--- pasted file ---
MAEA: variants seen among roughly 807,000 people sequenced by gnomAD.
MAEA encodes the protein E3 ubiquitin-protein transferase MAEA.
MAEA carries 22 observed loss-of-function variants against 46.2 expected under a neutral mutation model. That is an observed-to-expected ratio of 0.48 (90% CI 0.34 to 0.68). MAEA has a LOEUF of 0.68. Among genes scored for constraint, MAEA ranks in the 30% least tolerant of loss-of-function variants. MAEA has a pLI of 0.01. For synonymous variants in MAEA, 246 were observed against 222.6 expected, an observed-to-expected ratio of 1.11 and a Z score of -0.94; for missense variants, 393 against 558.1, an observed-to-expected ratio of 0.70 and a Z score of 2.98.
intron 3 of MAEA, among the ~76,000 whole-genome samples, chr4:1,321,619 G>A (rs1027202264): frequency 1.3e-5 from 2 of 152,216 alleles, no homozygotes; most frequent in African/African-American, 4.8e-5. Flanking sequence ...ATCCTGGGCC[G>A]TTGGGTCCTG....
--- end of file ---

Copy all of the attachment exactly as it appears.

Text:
MAEA: variants seen among roughly 807,000 people sequenced by gnomAD.
MAEA encodes the protein E3 ubiquitin-protein transferase MAEA.
MAEA carries 22 observed loss-of-function variants against 46.2 expected under a neutral mutation model. That is an observed-to-expected ratio of 0.48 (90% CI 0.34 to 0.68). MAEA has a LOEUF of 0.68. Among genes scored for constraint, MAEA ranks in the 30% least tolerant of loss-of-function variants. MAEA has a pLI of 0.01. For synonymous variants in MAEA, 246 were observed against 222.6 expected, an observed-to-expected ratio of 1.11 and a Z score of -0.94; for missense variants, 393 against 558.1, an observed-to-expected ratio of 0.70 and a Z score of 2.98.
intron 3 of MAEA, among the ~76,000 whole-genome samples, chr4:1,321,619 G>A (rs1027202264): frequency 1.3e-5 from 2 of 152,216 alleles, no homozygotes; most frequent in African/African-American, 4.8e-5. Flanking sequence ...ATCCTGGGCC[G>A]TTGGGTCCTG....